Last month I and several of my colleagues descended on New Zealand and Australia for Excel Summit South 2016. This was a series of two-day Summit conferences, one each in Auckland, Sydney, and Melbourne.
The first thing I have to say is that our major sponsor PwC was a perfect host. Their facilities were excellent. Our sessions were in conference rooms on about the 20th floor of their towers in each city (the views sometimes making concentration difficult).
I had a chance to present my on my specialties (VBA and, uh, charting), but also to see what my fellow MVPs had to say on topics I should learn more about. I also got a glimpse into financial modeling, which is not something I usually think much about. The attention to detail and aversion to mistakes are things I aspire to, and it was instructive to see these in a new context.
Besides myself, the Excel MVPs in attendance were Liam Bastick (from Australia), Ken Puls (Canada), Charles Williams (UK), Bill Jelen (US), Ingeborg Hawighorst (New Zealand), and Zack Barresse (US). Liam talked about avoiding spreadsheet layout errors, problems with Excel’s various lookup functions, and studying sensitivity and running simulations without VBA. Ken and I did a tag-team presentation, where he started by showing how to use Power Query to fix up some ugly data from disparate sources and I showed how to turn his cleaned up data into a flexible dashboard. Ken later did a session on Power Pivot. Bill “Mr. Excel” Jelen did a session on data visualization using conditional formatting, another on pivot tables, and finally he showed some cool Power Map analyses. Ingeborg showed us how powerful are Microsoft’s web and standalone Power BI tools. Zack showed off some little known features of Excel tables, and Zack and I both discussed using VBA to make life easier. Finally Charles presented on making VBA run like the wind.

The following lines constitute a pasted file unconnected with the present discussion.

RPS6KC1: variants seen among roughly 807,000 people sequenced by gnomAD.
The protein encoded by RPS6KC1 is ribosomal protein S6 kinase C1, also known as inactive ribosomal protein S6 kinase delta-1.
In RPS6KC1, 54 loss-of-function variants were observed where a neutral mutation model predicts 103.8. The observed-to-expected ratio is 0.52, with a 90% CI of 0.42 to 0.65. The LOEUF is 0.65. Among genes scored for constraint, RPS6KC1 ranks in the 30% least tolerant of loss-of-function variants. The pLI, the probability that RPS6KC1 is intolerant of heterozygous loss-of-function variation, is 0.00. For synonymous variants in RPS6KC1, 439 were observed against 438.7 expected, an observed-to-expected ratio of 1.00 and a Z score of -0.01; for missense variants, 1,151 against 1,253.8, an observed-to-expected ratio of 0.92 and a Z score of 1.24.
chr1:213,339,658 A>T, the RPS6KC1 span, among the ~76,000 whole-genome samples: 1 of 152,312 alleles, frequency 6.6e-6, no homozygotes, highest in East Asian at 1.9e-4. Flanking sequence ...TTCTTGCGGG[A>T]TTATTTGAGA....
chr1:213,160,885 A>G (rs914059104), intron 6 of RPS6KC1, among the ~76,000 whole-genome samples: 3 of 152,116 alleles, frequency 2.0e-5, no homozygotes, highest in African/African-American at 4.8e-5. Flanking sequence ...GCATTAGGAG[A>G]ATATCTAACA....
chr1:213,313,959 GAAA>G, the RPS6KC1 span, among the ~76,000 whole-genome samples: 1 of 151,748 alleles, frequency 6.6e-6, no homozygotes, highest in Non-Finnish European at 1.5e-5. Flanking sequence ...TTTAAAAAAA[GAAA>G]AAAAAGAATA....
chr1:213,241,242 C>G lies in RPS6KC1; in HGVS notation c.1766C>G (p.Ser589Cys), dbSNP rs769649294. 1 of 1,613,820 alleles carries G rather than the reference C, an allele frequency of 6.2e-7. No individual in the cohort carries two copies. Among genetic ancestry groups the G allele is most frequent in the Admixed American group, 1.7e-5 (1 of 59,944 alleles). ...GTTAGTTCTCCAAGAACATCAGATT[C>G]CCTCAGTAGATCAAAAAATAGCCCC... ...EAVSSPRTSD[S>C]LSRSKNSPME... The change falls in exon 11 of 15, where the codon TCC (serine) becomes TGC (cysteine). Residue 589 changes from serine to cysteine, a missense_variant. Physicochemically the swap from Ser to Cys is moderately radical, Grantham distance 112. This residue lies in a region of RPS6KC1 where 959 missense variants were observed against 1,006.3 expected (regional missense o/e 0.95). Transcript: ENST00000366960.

Other experts included Felienne Hermans (Delft University), Ian Bennett (PwC, Australia), Smila Baliga (PwC, US), and Andrew RevFeim (F1F9 in New Zealand). Felienne described her research on testing spreadsheets. Smila discussed ways organizations can cope with their overabundance of spreadsheets. Ian and Andrew covered modeling standards and best practices.
Ben Rampson and Carlos Otero from the Microsoft Excel product team were at the sessions. The presented information about where Excel is going, with the emphasis on BI and with the new versions running on whatever platform you can name (Windows, Mac, iOS, Android, etc.). Their presence is evidence of Microsoft’s recent opening up to customers and users, sharing their plans and listening to feedback and suggestions.
Attendance was pretty good, increasing in the later dates as word about the sessions spread. The technical level of attendees at this kind of session is usually high, since the audience is self-selected. But at these meetings I felt the people who attended were very good at their jobs and at Excel. They asked challenging questions, and conversations between and after the sessions were stimulating.